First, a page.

- SpaceX plans to launch a mission around the moon in 2023 with its reusable steel Starship vehicle.
- Japanese billionaire Yusaku Maezawa is funding the private voyage, called #dearMoon, and plans to bring along a handful of artists plus an astronaut or two.
- Soichi Noguchi, a JAXA astronaut who's slated to fly on SpaceX's upcoming Crew-1 mission, say he's talking to Maezawa about possibly joining the circumlunar flight.
- "Who knows? I may have a chance to fly," Noguchi told Business Insider
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SpaceX aims to slingshot a small group of people around the moon inside Starship, the company's forthcoming Mars spacecraft, sometime in the next few years.
Who will make the week-long circumlunar voyage is yet to be announced. But Japan Aerospace Exploration Agency astronaut Soichi Noguchi — who's about to fly aboard SpaceX's second human mission to the International Space Station, called Crew-1 — tells Business Insider he's actively discussing a spot on the mission.
The only publicly confirmed passenger for SpaceX's private moon mission is Japanese fashion tycoon Yusaku Maezawa, who's paying untold millions for the experience. In September 2018, SpaceX hosted a press conference for Maezawa in its rocket factory with company founder Elon Musk at his side."Finally I can tell you that I choose to go to the moon," Maezawa said during his debut.
"He's paying a lot of money that would help with the ship and its booster," Musk said at the time. "He's ultimately paying for the average citizen to travel to other planets."
In fact, Maezawa bought all of the available seats on the lunar demonstration flight of Starship — a roughly 16-story steel spacecraft — and is hand-picking the entire crew of his mission, called #dearMoon.
Maezawa, an avid art collector and rock musician, says he hopes to launch "an awe-inspiring, global, universal art project" by flying up to eight artists at no cost to them. Those selected, he said, may include musicians, sculptors, painters, film directors, dancers, photographers, architects, novelists, and fashion designers.
"What I want to do is show the people of Earth just how beautiful our planet is by taking artists up there," Maezawa told CNN in 2018, according to a translation, "so that they can convey the beauty to the world in their words."
So far, Maezawa has spoken publicly about the mission with former Beatle Ringo Starr, "First Man" director Damien Chazelle, and actor Ryan Gosling (who declined). Musk also said he'd consider flying on the mission.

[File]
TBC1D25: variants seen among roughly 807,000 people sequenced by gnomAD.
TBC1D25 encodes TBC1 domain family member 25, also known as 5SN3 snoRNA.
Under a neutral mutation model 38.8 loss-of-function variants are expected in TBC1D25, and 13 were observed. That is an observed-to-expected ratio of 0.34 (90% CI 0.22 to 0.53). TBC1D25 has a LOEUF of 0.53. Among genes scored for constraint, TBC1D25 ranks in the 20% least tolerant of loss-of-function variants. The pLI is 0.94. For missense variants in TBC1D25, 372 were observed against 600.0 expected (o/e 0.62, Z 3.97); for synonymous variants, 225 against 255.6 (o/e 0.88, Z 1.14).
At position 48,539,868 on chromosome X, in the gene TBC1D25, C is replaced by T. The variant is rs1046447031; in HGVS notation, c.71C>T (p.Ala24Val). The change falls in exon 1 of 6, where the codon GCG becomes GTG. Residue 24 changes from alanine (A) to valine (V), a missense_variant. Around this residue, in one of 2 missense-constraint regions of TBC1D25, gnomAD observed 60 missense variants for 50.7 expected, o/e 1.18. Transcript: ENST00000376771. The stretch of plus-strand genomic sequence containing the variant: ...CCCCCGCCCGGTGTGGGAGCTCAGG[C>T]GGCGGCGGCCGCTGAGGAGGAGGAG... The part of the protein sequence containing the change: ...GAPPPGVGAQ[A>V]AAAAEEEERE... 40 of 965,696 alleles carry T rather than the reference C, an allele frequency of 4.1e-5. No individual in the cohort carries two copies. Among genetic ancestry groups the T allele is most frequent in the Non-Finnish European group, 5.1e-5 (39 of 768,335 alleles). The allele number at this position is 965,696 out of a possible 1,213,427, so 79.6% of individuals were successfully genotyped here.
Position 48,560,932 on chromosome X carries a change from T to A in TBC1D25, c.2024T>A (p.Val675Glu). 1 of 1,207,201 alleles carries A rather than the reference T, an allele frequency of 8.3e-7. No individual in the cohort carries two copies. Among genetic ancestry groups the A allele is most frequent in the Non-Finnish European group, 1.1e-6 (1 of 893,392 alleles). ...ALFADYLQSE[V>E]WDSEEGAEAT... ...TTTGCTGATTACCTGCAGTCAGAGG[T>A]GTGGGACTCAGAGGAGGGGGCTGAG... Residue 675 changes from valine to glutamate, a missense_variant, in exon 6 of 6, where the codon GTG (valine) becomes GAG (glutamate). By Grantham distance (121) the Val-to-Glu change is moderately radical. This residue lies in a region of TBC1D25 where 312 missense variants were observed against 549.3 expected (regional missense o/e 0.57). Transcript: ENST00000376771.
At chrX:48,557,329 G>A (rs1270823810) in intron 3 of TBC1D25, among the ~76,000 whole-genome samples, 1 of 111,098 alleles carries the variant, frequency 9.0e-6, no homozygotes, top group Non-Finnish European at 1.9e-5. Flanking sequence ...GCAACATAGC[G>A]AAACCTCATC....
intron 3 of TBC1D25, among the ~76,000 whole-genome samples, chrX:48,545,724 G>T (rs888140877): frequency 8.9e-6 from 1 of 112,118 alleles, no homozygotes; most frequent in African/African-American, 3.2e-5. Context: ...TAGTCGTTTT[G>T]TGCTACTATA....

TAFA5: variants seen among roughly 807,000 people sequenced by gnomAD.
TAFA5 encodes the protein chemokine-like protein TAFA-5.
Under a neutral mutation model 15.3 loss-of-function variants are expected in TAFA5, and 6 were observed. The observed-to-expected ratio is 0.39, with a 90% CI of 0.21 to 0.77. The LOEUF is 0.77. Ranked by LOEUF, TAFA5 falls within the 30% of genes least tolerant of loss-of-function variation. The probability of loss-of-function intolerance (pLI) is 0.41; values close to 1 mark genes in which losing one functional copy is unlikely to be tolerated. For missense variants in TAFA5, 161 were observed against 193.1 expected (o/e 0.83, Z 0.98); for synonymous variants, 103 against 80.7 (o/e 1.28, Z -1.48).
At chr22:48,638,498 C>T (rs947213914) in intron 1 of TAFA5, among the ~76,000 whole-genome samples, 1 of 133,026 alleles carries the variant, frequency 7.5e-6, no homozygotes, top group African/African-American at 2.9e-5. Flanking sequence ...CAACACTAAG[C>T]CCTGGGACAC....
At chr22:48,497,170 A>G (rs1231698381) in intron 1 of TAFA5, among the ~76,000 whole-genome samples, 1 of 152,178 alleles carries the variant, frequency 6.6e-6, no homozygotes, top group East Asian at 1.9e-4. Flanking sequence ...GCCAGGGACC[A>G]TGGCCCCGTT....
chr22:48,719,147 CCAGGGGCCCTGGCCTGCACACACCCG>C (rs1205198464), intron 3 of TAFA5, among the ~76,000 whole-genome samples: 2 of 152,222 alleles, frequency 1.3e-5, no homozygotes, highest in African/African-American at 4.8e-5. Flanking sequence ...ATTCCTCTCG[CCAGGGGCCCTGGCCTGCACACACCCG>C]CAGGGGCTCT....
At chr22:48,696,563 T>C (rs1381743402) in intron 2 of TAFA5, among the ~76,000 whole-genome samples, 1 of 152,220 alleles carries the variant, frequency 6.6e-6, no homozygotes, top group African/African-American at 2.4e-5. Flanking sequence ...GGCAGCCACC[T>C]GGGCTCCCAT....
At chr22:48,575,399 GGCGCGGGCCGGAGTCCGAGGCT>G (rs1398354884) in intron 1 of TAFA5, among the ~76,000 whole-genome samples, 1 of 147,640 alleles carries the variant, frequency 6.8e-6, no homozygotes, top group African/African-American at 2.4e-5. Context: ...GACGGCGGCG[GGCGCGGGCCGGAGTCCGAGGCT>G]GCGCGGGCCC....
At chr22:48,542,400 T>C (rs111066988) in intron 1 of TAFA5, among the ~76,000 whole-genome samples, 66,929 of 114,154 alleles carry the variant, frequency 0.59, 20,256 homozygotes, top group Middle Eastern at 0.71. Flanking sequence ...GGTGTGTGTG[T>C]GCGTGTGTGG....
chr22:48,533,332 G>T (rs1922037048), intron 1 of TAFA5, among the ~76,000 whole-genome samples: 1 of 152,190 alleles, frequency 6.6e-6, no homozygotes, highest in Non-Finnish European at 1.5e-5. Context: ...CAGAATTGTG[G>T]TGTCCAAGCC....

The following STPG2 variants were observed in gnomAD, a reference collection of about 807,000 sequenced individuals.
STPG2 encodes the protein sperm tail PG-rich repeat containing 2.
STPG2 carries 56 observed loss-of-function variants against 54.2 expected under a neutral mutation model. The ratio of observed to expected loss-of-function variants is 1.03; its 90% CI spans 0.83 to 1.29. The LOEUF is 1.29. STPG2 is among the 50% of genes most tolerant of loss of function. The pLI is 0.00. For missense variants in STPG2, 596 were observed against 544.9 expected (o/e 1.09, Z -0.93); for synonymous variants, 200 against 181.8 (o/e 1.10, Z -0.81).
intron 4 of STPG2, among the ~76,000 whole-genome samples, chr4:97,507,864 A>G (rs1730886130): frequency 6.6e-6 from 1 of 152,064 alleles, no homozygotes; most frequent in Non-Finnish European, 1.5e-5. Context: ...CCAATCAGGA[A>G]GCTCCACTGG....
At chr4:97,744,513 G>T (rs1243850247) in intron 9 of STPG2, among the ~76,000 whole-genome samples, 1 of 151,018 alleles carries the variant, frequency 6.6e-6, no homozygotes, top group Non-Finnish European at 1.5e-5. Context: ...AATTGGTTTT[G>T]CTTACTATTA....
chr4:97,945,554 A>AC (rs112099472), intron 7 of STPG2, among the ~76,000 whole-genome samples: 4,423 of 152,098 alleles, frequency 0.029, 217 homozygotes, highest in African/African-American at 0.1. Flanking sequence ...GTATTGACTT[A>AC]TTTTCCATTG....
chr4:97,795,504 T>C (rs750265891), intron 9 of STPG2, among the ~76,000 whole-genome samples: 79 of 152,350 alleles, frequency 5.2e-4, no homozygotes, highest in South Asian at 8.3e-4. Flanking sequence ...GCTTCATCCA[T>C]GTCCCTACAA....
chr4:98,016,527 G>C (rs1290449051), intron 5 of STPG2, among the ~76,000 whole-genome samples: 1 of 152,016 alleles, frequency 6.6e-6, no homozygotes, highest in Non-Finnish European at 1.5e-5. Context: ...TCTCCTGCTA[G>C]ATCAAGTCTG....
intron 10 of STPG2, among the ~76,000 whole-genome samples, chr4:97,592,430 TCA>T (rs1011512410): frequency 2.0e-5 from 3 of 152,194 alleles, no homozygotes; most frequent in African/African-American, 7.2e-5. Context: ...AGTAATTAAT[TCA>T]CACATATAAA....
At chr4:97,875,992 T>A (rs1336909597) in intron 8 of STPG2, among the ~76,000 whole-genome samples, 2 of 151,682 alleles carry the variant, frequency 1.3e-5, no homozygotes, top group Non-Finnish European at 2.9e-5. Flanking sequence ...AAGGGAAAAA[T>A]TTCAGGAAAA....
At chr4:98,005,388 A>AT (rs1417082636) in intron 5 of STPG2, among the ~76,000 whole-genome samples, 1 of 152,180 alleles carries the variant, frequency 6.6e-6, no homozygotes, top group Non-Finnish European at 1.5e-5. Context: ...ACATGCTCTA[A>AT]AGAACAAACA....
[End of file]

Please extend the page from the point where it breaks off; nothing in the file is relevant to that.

But the SpaceX CEO apparently told Maezawa to bring along seasoned spaceflight professionals since the mission will be dangerous. "After a press conference, we talked a lot at Elon's home. He said that it would be reliable if 1-2 astronauts will be on board," Maezawa tweeted in 2018.
Astronaut Scott Kelly has raised his hand, though Noguchi could be a shoo-in for the unprecedented flight, if it happens, and tells Business Insider that he's already in talks about that possibility.
'We've had a lot of discussions' about #dearMoon
Noguchi, 55 and the father of three children, is among Earth's more experienced active astronauts. He first flew to space in 2005 aboard NASA's space shuttle Discovery — the first to return to flight after the deadly breakup of space shuttle Columbia in 2003. Noguchi's second mission was on a smaller Russian Soyuz vehicle in 2009, which took him to the International Space Station for a six-month stay.
Crew-1 would be Noguchi's third flight, and is slated to launch from NASA's Kennedy Space Center on October 31 around 2:40 a.m. ET. If all goes according to plan, a freshly redesigned Crew Dragon spaceship, named "Resilience" by the astronauts, will fly toward the ISS, dock there for up to seven months, and then return to Earth.
Should the NASA-funded mission go smoothly, Noguchi will add SpaceX's Crew Dragon vehicle to his resume and become only the third person to fly in three different spaceships. He'd also tick up his career flight time to a year or more in space.
Noguchi is also fluent in English, Russian, and Japanese, a potentially important factor for Maezawa, who has publicly lamented his English-speaking abilities and seeks to fly a distinctly international crew.
"We've had a lot of discussions with him [and] his team," Noguchi told Business Insider during a preflight interview when asked if he was speaking to Maezawa about the flight. "He has a very sincere interest in spaceflight."
A spokesperson for Maezawa told Business Insider that they "are unable to provide any comments at this time" due to a non-disclosure agreement between "the companies involved" with #dearMoon. The spokesperson did not immediately clarify which companies those might be, though SpaceX routinely makes parties that it works with sign such agreements.
For now, Noguchi says he's focused on completing the Crew-1 mission aboard Crew Dragon, which is still considered an experimental space vehicle. "Learning how to fly Dragon is definitely a big challenge and also quite an excitement," he said.
But Noguchi has been closely following SpaceX's progress with Starship. The company is developing the roughly 16-story spaceship and its 23-story booster rocket, called Super Heavy, at a private rocket-ship skunkworks in southeastern Texas. SpaceX expects the system will be fully reusable, fly several miles into the sky this fall, start launching commercial payloads to orbit in 2021 (pending a forthcoming environmental review), and make its first crewed flight around the moon in 2023 — the one Noguchi hopes to join with Maezawa — before beginning the first voyages to Mars the year after.
"I'm really looking forward to talking to him after this mission," Noguchi said of completing Crew-1 and discussing a flight on #dearMoon. "Who knows? I may have a chance to fly."
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